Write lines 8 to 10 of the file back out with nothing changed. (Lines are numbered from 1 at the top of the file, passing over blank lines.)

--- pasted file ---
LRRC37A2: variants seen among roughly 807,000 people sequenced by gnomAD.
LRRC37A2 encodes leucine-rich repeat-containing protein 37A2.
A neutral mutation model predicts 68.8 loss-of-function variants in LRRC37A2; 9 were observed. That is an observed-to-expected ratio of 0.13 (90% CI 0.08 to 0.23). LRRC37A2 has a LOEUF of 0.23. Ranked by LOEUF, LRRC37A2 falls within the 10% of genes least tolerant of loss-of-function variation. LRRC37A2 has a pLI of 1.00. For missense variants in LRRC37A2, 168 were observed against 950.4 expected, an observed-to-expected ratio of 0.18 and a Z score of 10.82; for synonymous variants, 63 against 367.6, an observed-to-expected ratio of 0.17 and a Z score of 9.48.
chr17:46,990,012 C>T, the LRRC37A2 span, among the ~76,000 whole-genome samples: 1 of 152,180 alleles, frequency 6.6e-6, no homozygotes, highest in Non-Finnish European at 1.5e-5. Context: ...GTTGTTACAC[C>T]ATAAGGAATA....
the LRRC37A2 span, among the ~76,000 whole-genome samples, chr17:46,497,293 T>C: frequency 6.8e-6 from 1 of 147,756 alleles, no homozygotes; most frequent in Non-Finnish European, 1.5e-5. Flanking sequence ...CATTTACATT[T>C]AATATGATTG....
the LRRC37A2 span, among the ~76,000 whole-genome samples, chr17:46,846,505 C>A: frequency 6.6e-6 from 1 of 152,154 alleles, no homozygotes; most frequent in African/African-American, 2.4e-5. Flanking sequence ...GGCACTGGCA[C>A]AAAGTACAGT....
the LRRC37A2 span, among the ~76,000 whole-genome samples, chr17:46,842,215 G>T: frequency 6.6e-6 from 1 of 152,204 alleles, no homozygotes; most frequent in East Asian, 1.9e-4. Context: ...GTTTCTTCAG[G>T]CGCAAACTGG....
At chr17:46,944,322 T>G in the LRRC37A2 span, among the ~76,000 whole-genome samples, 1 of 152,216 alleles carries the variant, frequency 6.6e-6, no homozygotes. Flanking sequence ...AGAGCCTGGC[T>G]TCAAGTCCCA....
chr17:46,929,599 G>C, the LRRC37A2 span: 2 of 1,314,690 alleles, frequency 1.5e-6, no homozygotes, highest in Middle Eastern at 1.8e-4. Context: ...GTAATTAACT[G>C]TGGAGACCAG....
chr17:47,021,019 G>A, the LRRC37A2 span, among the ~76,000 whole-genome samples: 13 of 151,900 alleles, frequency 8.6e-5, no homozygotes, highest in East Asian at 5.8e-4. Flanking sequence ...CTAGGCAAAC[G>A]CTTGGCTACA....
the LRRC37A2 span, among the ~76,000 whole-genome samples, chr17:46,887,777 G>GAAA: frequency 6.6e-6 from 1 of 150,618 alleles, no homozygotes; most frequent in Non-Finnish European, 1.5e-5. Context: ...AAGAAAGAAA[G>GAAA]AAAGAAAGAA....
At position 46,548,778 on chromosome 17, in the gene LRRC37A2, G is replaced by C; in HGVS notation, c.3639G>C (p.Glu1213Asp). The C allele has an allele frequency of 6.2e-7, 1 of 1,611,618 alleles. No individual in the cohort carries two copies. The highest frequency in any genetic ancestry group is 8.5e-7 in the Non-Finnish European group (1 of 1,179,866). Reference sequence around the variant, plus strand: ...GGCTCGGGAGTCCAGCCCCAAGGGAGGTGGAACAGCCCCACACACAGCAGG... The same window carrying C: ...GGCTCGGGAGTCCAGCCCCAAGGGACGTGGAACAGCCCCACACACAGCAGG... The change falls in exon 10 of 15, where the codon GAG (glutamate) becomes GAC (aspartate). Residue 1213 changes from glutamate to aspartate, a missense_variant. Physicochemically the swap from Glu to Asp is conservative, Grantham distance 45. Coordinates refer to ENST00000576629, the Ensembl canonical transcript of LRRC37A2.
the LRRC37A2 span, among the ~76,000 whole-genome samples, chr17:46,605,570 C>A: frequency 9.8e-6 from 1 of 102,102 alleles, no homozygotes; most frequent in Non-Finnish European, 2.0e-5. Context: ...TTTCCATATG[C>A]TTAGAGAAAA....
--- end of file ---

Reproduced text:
At chr17:46,944,322 T>G in the LRRC37A2 span, among the ~76,000 whole-genome samples, 1 of 152,216 alleles carries the variant, frequency 6.6e-6, no homozygotes. Flanking sequence ...AGAGCCTGGC[T>G]TCAAGTCCCA....
chr17:46,929,599 G>C, the LRRC37A2 span: 2 of 1,314,690 alleles, frequency 1.5e-6, no homozygotes, highest in Middle Eastern at 1.8e-4. Context: ...GTAATTAACT[G>C]TGGAGACCAG....
chr17:47,021,019 G>A, the LRRC37A2 span, among the ~76,000 whole-genome samples: 13 of 151,900 alleles, frequency 8.6e-5, no homozygotes, highest in East Asian at 5.8e-4. Flanking sequence ...CTAGGCAAAC[G>A]CTTGGCTACA....